Dryden is famous for having lent his name as editor-in-chief to the first complete English translation of Plutarch's Lives. This 17th-century translation is available at The MIT Internet Classics Archive.
These translations are linked with D in the table below; those marked (D) in parentheses are incomplete in the HTML version.
- G = Project Gutenberg
Project Gutenberg contains several versions of 19th-century translations of these Lives, see: https://www.gutenberg.org/catalog/world/authrec?fk_authors=342 and https://www.gutenberg.org/etext/14114
These translations are linked with G in the table below.
- L = LacusCurtius
LacusCurtius has the Loeb translation by Bernadotte Perrin (published 1914‑1926) of part of the Moralia and all the Lives; see http://penelope.uchicago.edu/Thayer/E/Roman/Texts/Plutarch/home.html
These translations are linked with L in the table below.
- LV = LibriVox
These translations are linked with LV in the table below.
- P = Perseus Project
The Perseus Project has several of the Lives, see: http://www.perseus.tufts.edu/cache/perscoll_Greco-Roman.html
The Lives available on the Perseus website are in Greek and English according to the Loeb edition by Bernadotte Perrin; and/or in English according to an abbreviated version of the Thomas North translations. This last edition concentrates on those of the Lives Shakespeare based his plays upon: Thomas North's translation of most of the Lives, based on the French version of Jacques Amyot published in the 16th century, preceded Dryden's translation mentioned above.
These translations are linked with P in the table below.
- ^ The last line of the table contains the four "unpaired" lives, as mentioned above.
- ^ The Perseus project also contains a biography of Caesar Augustus appearing in the North translation, but not coming from Plutarch's Parallel Lives: P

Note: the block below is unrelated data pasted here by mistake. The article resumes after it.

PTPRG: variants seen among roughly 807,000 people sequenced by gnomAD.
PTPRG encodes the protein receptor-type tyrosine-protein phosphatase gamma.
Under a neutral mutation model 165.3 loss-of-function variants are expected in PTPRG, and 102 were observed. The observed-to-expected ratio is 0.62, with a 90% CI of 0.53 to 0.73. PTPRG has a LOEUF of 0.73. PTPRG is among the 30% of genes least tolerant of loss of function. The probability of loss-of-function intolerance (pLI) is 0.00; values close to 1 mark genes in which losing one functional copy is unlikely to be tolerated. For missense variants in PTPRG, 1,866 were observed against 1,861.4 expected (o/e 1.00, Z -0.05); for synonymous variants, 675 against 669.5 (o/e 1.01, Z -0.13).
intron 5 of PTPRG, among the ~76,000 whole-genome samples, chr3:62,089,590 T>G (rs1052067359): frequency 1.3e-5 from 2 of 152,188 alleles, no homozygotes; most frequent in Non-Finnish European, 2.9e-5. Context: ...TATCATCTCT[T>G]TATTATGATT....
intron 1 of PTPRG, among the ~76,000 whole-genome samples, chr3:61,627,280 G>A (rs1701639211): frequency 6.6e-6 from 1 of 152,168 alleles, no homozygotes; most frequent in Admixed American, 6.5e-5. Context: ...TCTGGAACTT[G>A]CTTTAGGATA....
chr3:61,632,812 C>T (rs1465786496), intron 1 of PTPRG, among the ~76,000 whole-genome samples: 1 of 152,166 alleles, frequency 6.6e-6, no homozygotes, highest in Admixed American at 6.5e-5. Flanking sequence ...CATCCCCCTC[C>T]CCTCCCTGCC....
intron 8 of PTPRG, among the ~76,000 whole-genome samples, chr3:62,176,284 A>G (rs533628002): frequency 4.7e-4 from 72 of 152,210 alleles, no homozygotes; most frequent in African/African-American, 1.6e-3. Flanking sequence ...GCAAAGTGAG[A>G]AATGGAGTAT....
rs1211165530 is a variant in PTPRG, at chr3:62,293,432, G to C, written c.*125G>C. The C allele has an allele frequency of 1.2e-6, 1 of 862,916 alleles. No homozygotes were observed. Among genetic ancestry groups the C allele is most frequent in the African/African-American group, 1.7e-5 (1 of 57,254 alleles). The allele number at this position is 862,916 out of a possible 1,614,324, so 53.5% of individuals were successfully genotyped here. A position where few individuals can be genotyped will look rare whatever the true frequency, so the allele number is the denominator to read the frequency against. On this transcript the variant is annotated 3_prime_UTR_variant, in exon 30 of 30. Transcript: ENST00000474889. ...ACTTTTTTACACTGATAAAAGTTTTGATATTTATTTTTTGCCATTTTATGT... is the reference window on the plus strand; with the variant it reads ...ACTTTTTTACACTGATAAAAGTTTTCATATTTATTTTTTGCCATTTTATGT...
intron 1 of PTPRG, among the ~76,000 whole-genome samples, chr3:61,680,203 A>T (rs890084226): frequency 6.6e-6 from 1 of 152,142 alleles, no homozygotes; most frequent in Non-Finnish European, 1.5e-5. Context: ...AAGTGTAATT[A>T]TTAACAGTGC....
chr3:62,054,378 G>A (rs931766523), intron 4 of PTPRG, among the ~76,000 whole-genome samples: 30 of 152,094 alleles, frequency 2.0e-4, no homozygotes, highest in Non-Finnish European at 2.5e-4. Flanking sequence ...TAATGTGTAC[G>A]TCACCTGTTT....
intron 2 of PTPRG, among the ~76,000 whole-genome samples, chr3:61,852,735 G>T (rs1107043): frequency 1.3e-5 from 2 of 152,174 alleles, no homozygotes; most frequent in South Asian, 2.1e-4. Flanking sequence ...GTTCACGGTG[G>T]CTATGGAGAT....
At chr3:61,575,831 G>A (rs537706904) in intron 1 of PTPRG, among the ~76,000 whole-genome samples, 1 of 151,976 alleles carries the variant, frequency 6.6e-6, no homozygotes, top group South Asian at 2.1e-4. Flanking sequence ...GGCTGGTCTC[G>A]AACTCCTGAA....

- ^ Though the majority of the Parallel Lives were written with the Greek hero (or heroes) placed in the first position followed by the Roman hero, there are three sets of Lives where this order is reversed: Aemilius Paulus/Timoleon, Coriolanus/Alcibiades and Sertorius/Eumenes.
- ^ At the time of composing this table there appears some confusion in the internal linking of the Perseus project webpages, responsible for this split in two references.
Chronology of the lives
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The following chronology of legendary and historical figures whose biographies appear in the Lives is organized by date of death, as birth dates in antiquity are more often uncertain. All dates are BC except Galba and Otho.
- Theseus 1264–1204 (mythological figure)
- Romulus 771–717 (mythological figure)
- Numa Pompilius d. 673 (semi-legendary figure)
- Lycurgus c. 700 – 630 (semi-legendary figure)
- Solon 638–558
- Poplicola d. 503
- Coriolanus c. 475
- Aristides 530–468
- Themistocles 524–459
- Cimon 510–450
- Pericles 495–429
- Nicias 470–413
- Alcibiades 450–404
- Lysander d. 395
- Camillus 446–365
- Pelopidas d. 364
- Agesilaus 444–360
- Artaxerxes c. 440 – 358
- Dion 408–354
- Timoleon 411–337
- Alexander the Great 356–323
- Demosthenes 384–322
- Phocion 402–318
- Eumenes 362–316
- Demetrius d. 283
- Pyrrhus 318–272
- Agis c. 245
- Cleomenes d. 219
- Aratus 271–213
- Marcellus 268–208
- Fabius Maximus 275–203
- Philopoemen 253–183
- Flamininus 228–174
- Aemilius Paulus 229–160
- Cato the Elder 234–149
- Tiberius Gracchus c. 164 – c. 133
- Gaius Gracchus 154–121
- Gaius Marius 157–86
- Sulla 138–78
- Sertorius c. 123 – 72
- Lucullus 118–56
- Crassus 115–53
- Pompey 106–48
- Cato the Younger 95–46
- Julius Caesar 100–44
- Cicero 106–43
- Brutus 85–42
- Mark Antony 83–30
- Galba 3 BC – 69 AD
- Otho 32 AD – 69 AD